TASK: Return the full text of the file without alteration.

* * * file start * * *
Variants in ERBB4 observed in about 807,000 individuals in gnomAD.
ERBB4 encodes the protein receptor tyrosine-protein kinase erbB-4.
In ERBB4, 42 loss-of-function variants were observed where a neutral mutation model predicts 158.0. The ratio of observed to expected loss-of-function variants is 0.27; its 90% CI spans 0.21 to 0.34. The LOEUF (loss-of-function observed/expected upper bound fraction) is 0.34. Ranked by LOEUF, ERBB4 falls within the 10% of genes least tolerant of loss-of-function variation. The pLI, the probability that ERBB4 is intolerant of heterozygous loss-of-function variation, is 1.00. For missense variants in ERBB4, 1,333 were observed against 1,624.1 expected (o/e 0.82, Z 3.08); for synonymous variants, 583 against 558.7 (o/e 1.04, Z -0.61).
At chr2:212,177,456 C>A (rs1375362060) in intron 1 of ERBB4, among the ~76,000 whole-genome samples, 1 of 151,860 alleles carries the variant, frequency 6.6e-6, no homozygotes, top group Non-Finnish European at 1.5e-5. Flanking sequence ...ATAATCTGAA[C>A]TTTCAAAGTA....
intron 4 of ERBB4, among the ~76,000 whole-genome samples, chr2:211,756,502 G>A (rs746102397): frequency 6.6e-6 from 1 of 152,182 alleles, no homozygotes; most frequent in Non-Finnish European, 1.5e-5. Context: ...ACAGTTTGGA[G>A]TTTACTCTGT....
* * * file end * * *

Variants in ERBB4 observed in about 807,000 individuals in gnomAD.
ERBB4 encodes the protein receptor tyrosine-protein kinase erbB-4.
In ERBB4, 42 loss-of-function variants were observed where a neutral mutation model predicts 158.0. The ratio of observed to expected loss-of-function variants is 0.27; its 90% CI spans 0.21 to 0.34. The LOEUF (loss-of-function observed/expected upper bound fraction) is 0.34. Ranked by LOEUF, ERBB4 falls within the 10% of genes least tolerant of loss-of-function variation. The pLI, the probability that ERBB4 is intolerant of heterozygous loss-of-function variation, is 1.00. For missense variants in ERBB4, 1,333 were observed against 1,624.1 expected (o/e 0.82, Z 3.08); for synonymous variants, 583 against 558.7 (o/e 1.04, Z -0.61).
At chr2:212,177,456 C>A (rs1375362060) in intron 1 of ERBB4, among the ~76,000 whole-genome samples, 1 of 151,860 alleles carries the variant, frequency 6.6e-6, no homozygotes, top group Non-Finnish European at 1.5e-5. Flanking sequence ...ATAATCTGAA[C>A]TTTCAAAGTA....
intron 4 of ERBB4, among the ~76,000 whole-genome samples, chr2:211,756,502 G>A (rs746102397): frequency 6.6e-6 from 1 of 152,182 alleles, no homozygotes; most frequent in Non-Finnish European, 1.5e-5. Context: ...ACAGTTTGGA[G>A]TTTACTCTGT....